Review: Examining the reliability of manual plate colony counts in environmental monitoring

15 November 2018

Rachel Hutchinson

Plate counts of colony forming units (CFUs) are the gold standard of microbial enumeration and therefore essential to environmental monitoring in the pharmaceutical industry. There are strict regulations regarding bioburden at each stage of pharma production, from raw materials to finished products1,2, but we often fail to question whether current methods are rigorous enough to fulfil these requirements3.
Nearly all the methods used for monitoring clean room environments (Fig. 1) depend on accurate plate counts to quantify the microbial bioburden, determined from the number of colony forming units (CFUs) recorded on a plate4. Usually, this relies on a human operator’s interpretation of the number of colonies present, and this is when the repeatability and reproducibility of the plate count method are most at risk:
Reproducibility is the variability between operators, also known as “many appraisers, one instrument” error5, and this variation can often be substantial3,6.
Repeatability is the innate random variability of measurements taken by the same operator, also known as “within operator” variation or “one appraiser, one instrument” error5. Some of this variation can be attributed to changes in an individual’s emotional or physical state, which can change from one moment to the next7.

Figure 1 Environmental monitoring in a sterile manufacturing environment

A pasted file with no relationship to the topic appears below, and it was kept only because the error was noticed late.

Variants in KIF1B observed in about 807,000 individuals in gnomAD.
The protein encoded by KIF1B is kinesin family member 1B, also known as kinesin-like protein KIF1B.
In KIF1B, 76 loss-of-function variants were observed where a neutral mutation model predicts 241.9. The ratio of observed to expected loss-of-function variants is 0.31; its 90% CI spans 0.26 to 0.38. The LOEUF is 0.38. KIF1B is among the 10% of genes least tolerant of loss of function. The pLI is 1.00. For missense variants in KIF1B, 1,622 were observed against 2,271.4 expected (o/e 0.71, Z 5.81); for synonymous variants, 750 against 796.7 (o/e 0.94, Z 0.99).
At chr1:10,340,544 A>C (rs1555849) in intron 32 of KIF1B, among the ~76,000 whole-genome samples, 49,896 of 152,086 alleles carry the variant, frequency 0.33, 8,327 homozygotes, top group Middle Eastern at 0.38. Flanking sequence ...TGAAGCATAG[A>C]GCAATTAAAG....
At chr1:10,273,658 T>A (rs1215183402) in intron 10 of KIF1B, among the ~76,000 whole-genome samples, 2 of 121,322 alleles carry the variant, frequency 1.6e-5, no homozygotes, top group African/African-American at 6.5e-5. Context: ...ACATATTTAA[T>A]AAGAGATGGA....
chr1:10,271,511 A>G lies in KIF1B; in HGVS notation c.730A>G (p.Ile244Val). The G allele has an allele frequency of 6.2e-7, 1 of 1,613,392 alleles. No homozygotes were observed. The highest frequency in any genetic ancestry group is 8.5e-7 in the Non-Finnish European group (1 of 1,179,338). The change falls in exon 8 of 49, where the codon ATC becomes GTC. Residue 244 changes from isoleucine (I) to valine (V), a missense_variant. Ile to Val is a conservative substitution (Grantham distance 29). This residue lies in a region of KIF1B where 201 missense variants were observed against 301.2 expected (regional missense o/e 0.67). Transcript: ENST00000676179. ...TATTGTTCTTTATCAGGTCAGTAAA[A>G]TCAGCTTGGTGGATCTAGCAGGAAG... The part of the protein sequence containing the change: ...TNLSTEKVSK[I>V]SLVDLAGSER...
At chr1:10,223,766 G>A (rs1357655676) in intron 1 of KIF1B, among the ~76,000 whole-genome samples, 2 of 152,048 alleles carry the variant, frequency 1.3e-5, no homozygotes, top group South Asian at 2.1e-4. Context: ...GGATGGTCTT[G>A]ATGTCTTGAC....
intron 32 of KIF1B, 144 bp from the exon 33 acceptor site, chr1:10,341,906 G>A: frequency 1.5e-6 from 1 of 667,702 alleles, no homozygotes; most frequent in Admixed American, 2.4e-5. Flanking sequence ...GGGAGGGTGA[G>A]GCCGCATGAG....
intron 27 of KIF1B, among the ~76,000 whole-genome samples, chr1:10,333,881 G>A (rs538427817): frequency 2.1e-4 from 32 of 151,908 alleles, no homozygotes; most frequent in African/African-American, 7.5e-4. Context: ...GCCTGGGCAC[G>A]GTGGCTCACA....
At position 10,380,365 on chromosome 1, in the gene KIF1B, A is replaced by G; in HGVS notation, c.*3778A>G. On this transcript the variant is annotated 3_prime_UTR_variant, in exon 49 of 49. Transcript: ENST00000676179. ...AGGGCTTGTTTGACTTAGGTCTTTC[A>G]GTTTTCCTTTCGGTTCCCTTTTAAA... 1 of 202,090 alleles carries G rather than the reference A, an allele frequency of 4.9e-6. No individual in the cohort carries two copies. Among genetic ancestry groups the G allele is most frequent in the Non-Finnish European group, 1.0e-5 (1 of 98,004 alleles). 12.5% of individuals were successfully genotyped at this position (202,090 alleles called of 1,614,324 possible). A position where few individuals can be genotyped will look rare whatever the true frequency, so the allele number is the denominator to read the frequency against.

Examples of factors that may affect a test’s reproducibility and repeatability are considered in Box 1. A gage repeatability and reproducibility study (Gage R and R) can be used to estimate the measurement uncertainty associated with a given methodology. Arienzo et al. used Gage R and R to compare methods for the microbiological analysis of food and found that plate counts gave the most variable results6.

Box 1
Examples of questions that must be considered when investigating within- and between- operator variability in plate colony counts.
Boredom & Automatic Behaviour
If the frequency of contaminated plates is low, will operators stay alert throughout the process?
Stress & Time Pressures
Will all operators spend a consistent amount of time examining each plate?
If detecting contamination leads to extra work for the operator, and potentially shuts down pharmaceutical production, could unconscious bias lead to lower colony counts?
Experience & Technique
How well can operators distinguish between individual colonies? Will they quantitatively interpret unusual-shaped/oriented colonies the same way?
Optimal Environment
Could lighting and/or temperature be distracting the operator? Optimal conditions for one operator may be considered too hot/cold or too dim/bright by another.

Poor repeatability and high levels of uncertainty in plate counts is identified in a number of studies that compare methods for microbial enumeration8,9,10. However, apart from training operators and monitoring their performance, there is little consideration given as to how plate counting can be improved. One way to increase reliability of counts would be to perform multiple repeats, with multiple operators, for each plate and average the results for a ‘best guess’ CFU value3. However, this introduces additional costs and handling time that slow manufacture and delay product release.